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Wei Shang – “The Story of the Stone” and the Visual Culture of the Manchu Court
April 22, 2019 @ 4:00 pm - 6:00 pm
Speaker: Wei Shang, Columbia University
This talk addresses The Story of the Stone (otherwise known as Dream of the Red Chamber, Honglou meng 紅樓夢), authored by Cao Xueqin (ca. 1715–ca. 1763), with special focus on its recurrent theme as captured in Chapter 1: “Truth becomes fiction when fiction is true; real becomes not-real where the unreal is real.” Apparently paradoxical, this theme seems to invite a philosophical and religious interpretation that transcends the time when the novel was written. Instead, I will trace it to the stimuli of the visual culture permeating the Manchu court in the early and mid-eighteenth century. I seek to examine Cao Xueqin’s representation of the Grand Prospect Garden, the main residence for the young protagonists, in light of what may be called the aesthetics of jia 假 (the unreal or fiction) that manifests through all sorts of visual tricks in the interior decoration of imperial palaces and gardens of the time.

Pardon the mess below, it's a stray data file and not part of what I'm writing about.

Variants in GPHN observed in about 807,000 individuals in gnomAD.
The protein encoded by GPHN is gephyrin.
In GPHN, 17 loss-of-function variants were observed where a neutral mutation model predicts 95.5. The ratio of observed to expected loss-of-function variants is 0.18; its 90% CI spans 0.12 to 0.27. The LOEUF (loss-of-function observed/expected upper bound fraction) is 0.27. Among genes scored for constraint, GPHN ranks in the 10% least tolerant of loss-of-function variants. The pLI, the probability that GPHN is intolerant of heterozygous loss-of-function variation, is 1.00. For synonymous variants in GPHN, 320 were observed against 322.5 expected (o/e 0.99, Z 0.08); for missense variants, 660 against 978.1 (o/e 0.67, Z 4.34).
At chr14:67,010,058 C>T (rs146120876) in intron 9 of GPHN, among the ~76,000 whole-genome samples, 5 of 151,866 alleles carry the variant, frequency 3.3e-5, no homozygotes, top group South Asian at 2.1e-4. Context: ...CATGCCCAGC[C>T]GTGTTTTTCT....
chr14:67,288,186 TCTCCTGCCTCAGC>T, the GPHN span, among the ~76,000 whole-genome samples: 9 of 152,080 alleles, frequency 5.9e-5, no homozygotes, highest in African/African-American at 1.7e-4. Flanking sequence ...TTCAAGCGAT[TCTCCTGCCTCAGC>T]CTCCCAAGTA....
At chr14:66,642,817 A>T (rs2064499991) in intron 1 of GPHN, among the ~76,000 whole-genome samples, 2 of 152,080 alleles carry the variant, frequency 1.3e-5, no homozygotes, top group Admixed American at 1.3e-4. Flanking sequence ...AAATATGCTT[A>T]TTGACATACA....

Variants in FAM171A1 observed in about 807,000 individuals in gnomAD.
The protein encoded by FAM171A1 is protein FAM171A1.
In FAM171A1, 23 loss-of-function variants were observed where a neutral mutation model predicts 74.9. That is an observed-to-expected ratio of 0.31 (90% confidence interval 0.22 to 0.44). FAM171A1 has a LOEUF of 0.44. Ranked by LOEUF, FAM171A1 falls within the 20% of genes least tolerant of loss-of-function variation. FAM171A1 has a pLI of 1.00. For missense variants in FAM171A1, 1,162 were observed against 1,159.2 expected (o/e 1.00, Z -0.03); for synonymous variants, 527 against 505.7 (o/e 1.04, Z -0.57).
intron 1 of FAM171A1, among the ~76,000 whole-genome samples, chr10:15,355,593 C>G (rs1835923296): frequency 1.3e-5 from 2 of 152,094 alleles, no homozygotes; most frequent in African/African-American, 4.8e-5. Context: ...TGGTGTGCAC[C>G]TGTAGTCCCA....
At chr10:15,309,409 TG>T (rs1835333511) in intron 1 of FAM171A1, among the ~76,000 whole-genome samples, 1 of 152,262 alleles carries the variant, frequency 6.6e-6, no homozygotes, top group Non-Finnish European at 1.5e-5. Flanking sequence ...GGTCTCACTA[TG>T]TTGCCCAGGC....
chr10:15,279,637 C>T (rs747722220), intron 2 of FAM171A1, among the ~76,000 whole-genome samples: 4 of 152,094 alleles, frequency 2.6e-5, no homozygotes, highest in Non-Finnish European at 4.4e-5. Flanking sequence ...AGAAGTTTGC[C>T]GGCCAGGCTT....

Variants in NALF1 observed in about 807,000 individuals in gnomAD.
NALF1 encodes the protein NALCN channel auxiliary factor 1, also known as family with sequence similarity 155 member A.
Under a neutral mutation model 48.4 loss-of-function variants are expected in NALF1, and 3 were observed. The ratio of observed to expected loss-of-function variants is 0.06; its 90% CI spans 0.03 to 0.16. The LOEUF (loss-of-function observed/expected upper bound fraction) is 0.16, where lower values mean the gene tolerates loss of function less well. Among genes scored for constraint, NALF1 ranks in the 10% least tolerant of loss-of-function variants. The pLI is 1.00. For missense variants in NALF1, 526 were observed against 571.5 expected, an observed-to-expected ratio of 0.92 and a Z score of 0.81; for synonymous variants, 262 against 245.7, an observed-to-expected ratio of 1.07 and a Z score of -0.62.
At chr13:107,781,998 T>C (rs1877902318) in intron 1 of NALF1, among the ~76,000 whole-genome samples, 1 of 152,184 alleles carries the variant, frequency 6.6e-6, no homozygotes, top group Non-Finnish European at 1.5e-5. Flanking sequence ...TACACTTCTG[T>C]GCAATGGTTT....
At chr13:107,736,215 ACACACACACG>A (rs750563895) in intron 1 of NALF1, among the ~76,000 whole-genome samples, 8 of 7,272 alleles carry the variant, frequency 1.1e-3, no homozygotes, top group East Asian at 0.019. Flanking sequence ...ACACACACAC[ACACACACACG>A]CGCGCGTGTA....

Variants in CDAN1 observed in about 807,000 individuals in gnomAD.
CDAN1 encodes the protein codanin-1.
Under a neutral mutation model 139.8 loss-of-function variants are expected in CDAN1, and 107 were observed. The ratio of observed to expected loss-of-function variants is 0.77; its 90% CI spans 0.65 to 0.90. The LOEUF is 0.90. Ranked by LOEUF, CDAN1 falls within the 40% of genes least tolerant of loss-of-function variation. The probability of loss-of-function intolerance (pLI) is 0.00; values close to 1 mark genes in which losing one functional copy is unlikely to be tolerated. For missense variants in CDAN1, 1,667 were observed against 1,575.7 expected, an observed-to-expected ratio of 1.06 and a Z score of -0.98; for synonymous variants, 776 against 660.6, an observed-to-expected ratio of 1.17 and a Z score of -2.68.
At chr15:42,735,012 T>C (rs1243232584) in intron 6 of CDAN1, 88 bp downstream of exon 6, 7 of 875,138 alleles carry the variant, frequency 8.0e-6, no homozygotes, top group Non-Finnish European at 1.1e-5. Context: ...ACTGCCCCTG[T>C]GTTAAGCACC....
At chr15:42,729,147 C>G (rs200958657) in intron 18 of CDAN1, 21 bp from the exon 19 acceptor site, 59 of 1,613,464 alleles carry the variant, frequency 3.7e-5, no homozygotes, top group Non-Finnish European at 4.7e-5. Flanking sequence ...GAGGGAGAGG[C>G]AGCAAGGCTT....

In this talk, I will focus on the novel’s explicit and implicit references to paintings, including an illusionistic painting and an ambitious project undertaken by Xichun to capture a panorama of the garden in one gigantic painting. More specifically, I emphasize the novelist’s impulse to incorporate into his narrative the popular motifs of the contemporaneous paintings, including the paintings executed by the Jesuit painters employed by the imperial court. Reading the novel from this perspective highlights issues of enormous importance for the comprehension of the cultural dynamics of the time that in turn participate in shaping the novel itself: the dialectics of reality and illusion, the mutual fertilization of media and technology, and the constant negotiations between the written and graphic media and between the Manchu court and Europe in the realm of material and visual cultures.